For millennia, humans have burned biological material as an energy source. Biomass, composed predominately of plants and microorganisms, has made a resurgence in recent decades as a sustainable form of energy. Biomass facilities provide communities with this sustainable form of energy while also providing new jobs and a new source of tax revenue upon a facility’s completion. However, not ever community is welcoming of a biomass facility due to concerns regarding air quality, increased construction traffic, and its sheer aesthetic impact on neighborhoods. NIMBY, or “not in my backyard,” opponents to biomass facilities across the United States and United Kingdom run fierce opposition campaigns, significantly delaying project completion or even causing cancellation. However, certain tactics can be employed to ensure a greater likelihood of gaining public approval for biomass facilities so that companies can avoid drawn-out battles with opponents.
One example of a long, drawn-out battle between biomass facility developers and NIMBY opponents took place in the United Kingdom. As part of a plan to develop four facilities across Scotland, Forth Energy announced a proposed biomass facility in the Leith docks and waterfront area of Edinburgh in 2009. The facility would generate enough energy to power one million homes and provide an important energy source to the long-term Leith docks redevelopment plan. Additionally, the facility would provide forty-five permanent jobs, 450-700 construction jobs, and thirty cargo handling jobs. Despite these benefits, a long battle with opponents ensued. The opposition’s campaign referenced other biomass facilities in the UK that were shut down due to air quality concerns, recruited Scottish Parliament members to speak out against the project at a national level, and wrote over 1,800 letters of opposition to the local government. During this time, almost no supporters came forward. The project became one of the most controversial projects in Scotland and was ultimately cancelled in 2012.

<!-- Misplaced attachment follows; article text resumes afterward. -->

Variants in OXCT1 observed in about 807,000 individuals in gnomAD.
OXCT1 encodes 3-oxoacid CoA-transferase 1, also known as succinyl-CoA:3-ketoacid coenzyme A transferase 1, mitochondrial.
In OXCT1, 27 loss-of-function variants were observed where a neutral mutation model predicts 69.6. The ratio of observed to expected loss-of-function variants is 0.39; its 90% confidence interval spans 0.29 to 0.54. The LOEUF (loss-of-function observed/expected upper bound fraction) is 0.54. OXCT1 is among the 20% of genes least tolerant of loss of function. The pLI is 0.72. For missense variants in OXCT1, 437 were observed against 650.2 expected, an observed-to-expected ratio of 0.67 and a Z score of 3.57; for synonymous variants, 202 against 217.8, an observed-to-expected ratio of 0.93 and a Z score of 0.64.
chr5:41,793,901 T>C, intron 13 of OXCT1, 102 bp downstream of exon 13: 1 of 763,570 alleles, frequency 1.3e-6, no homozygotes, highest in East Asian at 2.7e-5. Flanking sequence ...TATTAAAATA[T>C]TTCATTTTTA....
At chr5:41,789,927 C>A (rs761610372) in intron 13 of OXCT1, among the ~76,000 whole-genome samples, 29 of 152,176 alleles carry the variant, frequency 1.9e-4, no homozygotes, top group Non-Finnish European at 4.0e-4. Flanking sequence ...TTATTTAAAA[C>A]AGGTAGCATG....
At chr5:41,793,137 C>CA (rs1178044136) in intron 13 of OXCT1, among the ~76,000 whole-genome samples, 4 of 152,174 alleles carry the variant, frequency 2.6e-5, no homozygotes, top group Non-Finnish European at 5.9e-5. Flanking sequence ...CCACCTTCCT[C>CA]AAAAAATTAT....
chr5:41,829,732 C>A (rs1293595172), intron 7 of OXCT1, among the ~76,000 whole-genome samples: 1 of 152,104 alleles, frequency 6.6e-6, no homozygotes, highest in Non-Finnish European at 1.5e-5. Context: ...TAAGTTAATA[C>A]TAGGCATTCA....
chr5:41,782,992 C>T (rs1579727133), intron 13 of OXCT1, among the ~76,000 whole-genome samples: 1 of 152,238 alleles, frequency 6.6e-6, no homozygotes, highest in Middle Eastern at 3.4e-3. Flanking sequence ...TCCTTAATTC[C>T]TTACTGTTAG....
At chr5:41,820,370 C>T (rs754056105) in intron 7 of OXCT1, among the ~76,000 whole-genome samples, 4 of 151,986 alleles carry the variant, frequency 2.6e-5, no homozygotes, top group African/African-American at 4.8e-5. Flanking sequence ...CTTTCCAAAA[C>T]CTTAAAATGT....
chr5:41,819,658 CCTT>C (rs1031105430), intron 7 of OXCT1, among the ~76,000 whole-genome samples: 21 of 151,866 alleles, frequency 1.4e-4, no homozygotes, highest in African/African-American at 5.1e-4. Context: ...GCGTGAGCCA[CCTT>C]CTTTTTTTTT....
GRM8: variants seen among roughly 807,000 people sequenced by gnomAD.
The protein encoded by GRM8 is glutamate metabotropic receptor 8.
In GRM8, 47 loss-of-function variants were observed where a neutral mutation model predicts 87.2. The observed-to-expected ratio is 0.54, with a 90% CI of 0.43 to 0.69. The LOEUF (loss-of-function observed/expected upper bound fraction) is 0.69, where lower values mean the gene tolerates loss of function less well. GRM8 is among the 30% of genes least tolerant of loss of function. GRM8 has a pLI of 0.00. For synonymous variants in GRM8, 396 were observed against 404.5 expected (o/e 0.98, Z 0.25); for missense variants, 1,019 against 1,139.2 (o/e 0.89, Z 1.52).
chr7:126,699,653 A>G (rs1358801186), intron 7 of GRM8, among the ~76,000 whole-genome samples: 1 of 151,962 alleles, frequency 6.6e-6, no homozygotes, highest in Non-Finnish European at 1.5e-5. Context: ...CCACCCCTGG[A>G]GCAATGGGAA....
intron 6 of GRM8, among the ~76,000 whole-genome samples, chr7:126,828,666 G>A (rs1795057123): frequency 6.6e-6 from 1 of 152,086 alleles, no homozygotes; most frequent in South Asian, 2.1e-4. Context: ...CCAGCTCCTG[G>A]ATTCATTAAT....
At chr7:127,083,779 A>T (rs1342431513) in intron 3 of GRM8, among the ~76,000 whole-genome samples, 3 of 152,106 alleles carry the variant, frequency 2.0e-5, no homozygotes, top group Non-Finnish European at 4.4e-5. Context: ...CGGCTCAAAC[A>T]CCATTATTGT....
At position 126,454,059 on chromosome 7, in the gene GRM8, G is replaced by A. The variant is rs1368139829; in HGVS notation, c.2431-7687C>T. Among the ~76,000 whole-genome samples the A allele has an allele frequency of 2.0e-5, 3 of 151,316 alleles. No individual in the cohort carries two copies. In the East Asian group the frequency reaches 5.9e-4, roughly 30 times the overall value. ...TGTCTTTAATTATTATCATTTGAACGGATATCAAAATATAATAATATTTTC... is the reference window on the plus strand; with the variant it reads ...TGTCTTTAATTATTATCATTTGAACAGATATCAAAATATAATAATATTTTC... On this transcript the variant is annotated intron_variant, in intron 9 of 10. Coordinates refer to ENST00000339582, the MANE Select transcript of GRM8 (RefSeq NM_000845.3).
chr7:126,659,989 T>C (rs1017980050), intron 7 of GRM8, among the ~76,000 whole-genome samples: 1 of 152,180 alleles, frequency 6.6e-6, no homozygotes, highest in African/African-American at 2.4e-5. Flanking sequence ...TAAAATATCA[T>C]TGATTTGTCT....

Biomass facilities in the US have faced just as much scrutiny as the Leith project. In Valdosta, Georgia, a biomass facility proposed in 2009 went through a two-year battle with local opponents over its construction. Opponents organized a widespread campaign, enlisting students at Valdosta State University, the Valdosta branch of the NAACP, and environmental groups to speak out against the project. In 2011, opponents organized a sit-in protest outside the company’s offices, garnering widespread attention to the project. Ultimately, the company abandoned the project in 2011 due to the difficulty brought on by the fierce opposition campaign.